Jan. 23-29 is National School Choice Week. This is the second of a five-part series of commentaries exploring the successes and challenges of educational choice and the people fighting to make it available to all American schoolchildren.
In the midst of the COVID-19 pandemic, Kentucky lawmakers seized the opportunity to pass the state’s first significant school choice bill in the spring of 2021. Although the virus caused a slew of hardships for students, parents, and schools, many of which are still emerging, it also served as the much-needed catalyst for change in education opportunities.
Heading into the 2021 legislative session, Kentucky was one of only four states with both no charter schools and no school choice. (Kentucky does have a charter school law, but no funding mechanism, and therefore no charter schools.)
Perhaps buoyed by the numerous, and vocal, new grassroots parent groups that popped up in reaction to schools closing in 2020 and were demanding change, or perhaps the realization that schools were simply unprepared for a crisis and unable to continue to provide meaningful instruction, or even the reality that a closed Capitol building meant no teachers union protesters—whatever the reason, Kentucky lawmakers adopted a bold proposal that creates more learning opportunities for children and families in our state.
Students in Kentucky might finally be able to exercise a right they should inherently have: to choose the best school for them. No matter where they live, or how much money their parents make, Kentucky’s students should finally be able to afford the educational options they need.
Destiny Academy, which is currently housed at Wilson’s church, Spirit of Love Center, in the West End of Louisville, stands among poverty-stricken neighborhoods whose black children score almost inconceivably low on standardized tests. Reading proficiency, for example, hovers around 10% or less at most nearby schools for minority and low-income students.
“The difference these scholarships could make for our kids is nothing short of life-changing. They might finally get to attend a school where they can learn and grow and thrive. They have been left behind by our schools for 40 years. It’s time to give these kids a chance,” says Wilson.
Kentucky’s school choice bill is comprehensive in its offerings for all students pre-K through 12th grade. Described by the bill sponsor, Kentucky House Majority Whip Chad McCoy:
This bill gives every child in Kentucky an opportunity to access the educational options they want and need but otherwise could not afford. Whether through transferring to another district’s school or applying for an education opportunity account scholarship for tutoring or tuition, every child now has the ability to get the education they choose.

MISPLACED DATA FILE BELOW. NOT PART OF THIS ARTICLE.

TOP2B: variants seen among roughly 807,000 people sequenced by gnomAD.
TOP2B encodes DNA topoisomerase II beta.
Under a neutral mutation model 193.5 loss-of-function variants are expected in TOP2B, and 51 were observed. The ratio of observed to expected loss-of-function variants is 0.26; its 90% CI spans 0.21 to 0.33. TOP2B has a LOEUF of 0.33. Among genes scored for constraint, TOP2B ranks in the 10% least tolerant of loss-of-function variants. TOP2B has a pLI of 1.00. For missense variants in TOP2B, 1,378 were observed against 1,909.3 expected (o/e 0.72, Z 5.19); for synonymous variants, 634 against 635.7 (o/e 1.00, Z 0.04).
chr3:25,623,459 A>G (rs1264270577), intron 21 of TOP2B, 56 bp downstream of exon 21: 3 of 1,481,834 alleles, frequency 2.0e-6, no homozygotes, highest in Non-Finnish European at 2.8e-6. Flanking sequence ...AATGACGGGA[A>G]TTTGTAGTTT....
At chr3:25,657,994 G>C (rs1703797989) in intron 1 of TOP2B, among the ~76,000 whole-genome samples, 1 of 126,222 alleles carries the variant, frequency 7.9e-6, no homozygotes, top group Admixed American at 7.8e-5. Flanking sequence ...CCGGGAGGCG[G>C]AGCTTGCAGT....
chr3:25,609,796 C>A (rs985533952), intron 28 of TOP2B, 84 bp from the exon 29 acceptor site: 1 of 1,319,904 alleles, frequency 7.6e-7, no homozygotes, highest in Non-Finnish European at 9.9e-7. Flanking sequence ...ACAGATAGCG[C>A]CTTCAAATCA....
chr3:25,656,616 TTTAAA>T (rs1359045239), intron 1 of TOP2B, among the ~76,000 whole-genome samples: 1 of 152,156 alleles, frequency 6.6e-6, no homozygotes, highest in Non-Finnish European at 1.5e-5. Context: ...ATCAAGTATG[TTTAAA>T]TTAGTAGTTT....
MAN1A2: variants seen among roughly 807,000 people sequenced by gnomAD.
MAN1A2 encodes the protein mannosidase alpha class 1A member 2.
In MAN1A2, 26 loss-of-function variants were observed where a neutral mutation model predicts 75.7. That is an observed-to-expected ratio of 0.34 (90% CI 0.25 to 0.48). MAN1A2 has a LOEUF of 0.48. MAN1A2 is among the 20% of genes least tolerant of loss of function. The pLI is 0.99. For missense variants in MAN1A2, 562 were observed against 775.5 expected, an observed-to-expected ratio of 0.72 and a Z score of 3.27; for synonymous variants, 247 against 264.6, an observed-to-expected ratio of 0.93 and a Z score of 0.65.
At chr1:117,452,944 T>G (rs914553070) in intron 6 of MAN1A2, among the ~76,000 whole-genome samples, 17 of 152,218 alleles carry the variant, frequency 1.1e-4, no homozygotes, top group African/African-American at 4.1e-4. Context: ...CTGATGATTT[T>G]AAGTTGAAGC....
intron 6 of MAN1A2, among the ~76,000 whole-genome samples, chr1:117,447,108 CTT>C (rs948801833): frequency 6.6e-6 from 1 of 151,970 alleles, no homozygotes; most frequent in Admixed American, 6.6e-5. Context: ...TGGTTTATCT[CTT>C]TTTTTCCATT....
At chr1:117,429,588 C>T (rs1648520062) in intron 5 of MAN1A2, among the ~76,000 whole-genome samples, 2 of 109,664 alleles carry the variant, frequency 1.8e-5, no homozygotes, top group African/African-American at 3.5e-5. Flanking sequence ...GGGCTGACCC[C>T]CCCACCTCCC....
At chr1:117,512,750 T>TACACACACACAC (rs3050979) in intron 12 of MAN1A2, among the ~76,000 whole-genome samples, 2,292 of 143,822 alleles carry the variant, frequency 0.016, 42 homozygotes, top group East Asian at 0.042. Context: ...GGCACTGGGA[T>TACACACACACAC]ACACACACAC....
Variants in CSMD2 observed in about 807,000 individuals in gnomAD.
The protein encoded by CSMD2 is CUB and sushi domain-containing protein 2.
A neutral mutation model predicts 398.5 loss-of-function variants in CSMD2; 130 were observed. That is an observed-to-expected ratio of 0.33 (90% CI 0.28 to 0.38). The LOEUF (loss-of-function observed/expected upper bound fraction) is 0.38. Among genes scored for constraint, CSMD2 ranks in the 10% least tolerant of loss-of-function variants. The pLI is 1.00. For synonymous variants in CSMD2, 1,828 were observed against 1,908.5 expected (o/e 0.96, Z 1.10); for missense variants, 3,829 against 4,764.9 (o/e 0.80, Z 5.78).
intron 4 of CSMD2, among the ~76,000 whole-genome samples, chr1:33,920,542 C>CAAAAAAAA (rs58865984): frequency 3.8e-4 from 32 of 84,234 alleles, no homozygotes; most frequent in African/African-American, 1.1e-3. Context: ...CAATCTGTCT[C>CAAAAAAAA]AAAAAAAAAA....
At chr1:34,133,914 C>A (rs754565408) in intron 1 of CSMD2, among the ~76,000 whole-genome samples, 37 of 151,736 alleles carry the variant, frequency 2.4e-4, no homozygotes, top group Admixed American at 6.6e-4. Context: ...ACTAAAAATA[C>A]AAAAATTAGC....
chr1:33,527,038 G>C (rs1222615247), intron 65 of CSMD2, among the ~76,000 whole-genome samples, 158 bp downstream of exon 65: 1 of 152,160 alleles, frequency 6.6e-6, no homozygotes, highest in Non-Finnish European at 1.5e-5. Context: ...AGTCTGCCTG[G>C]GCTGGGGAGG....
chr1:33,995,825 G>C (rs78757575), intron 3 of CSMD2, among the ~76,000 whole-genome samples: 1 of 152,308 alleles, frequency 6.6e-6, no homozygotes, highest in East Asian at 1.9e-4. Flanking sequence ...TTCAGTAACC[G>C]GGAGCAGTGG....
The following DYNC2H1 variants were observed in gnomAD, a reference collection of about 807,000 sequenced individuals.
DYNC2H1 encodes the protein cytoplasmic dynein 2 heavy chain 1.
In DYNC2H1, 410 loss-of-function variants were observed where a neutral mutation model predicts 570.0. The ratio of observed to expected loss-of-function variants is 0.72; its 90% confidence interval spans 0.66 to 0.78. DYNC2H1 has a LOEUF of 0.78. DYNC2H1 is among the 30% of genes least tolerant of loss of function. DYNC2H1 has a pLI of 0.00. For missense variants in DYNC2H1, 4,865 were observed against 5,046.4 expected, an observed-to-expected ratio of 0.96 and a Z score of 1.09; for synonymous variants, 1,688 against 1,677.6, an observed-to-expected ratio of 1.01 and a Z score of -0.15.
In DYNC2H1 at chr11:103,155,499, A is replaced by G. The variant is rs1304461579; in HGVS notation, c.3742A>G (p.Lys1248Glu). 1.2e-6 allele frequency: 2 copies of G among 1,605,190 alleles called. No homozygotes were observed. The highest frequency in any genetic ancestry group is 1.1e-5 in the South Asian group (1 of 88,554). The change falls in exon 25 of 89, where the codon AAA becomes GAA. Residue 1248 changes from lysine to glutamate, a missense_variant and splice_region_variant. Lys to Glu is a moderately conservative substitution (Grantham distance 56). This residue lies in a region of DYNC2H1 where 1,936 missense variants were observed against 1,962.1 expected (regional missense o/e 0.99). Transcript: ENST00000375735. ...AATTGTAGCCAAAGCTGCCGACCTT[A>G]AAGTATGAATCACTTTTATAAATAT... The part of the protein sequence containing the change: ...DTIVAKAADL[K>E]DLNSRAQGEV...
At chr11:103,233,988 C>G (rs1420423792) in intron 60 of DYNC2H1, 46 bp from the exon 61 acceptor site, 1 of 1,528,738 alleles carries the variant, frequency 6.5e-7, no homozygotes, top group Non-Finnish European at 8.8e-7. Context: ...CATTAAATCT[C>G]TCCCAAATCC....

The bill has two main parts. The first requires all districts to adopt policies that provide open enrollment so students can attend schools outside their home district. It requires all school districts to create a plan for student transfers and submit those plans to the state Department of Education. Therefore, by the 2022-23 school year, all school districts must have such plans in place so that students can start transferring to a different public school if they choose.
The other part of the bill, which has gotten the most attention by far, is the creation of education opportunity accounts. These accounts are privately funded by individual and corporate donors to nonprofit organizations that grant scholarships to children who need them to help offset the cost of tuition at private schools or for supplemental educational needs for public school students.
Supplemental educational services can include things like tutoring, transportation costs, speech and language therapy, and textbooks. The bill stipulates that only students who live in counties with 90,000 or more residents are eligible to use the education opportunity accounts for private school tuition. The rest of the bill applies to all K-12 students in the state.
In any other year, Kentucky’s new school choice law would have garnered a significant amount of attention nationally. As it was, more than a dozen other states passed similar legislation creating or expanding school choice programs, in what can only be described as an “education reform wave.”
As anticipated based on how similar laws have been challenged over the years in other states (albeit almost entirely unsuccessfully), special-interest groups have filed a lawsuit to prevent children from taking advantage of these new options. It’s almost certainly headed to the state Supreme Court, and the education opportunity accounts portion of the bill—for both private school tuition as well as supplemental education services and supplies—is on hold until the ruling. The state’s attorney general, Daniel Cameron, and a nationally renowned public interest law firm, Institute for Justice, are defending the legislation.
In the meantime, Wilson, along with parents, students, and school leaders across the state, will continue to make the case that quality learning options should be available to all Kentucky families.
Tomorrow: Jonathan Butcher of The Heritage Foundation’s Center for Education Policy explains why students need more education policy options in 2022.
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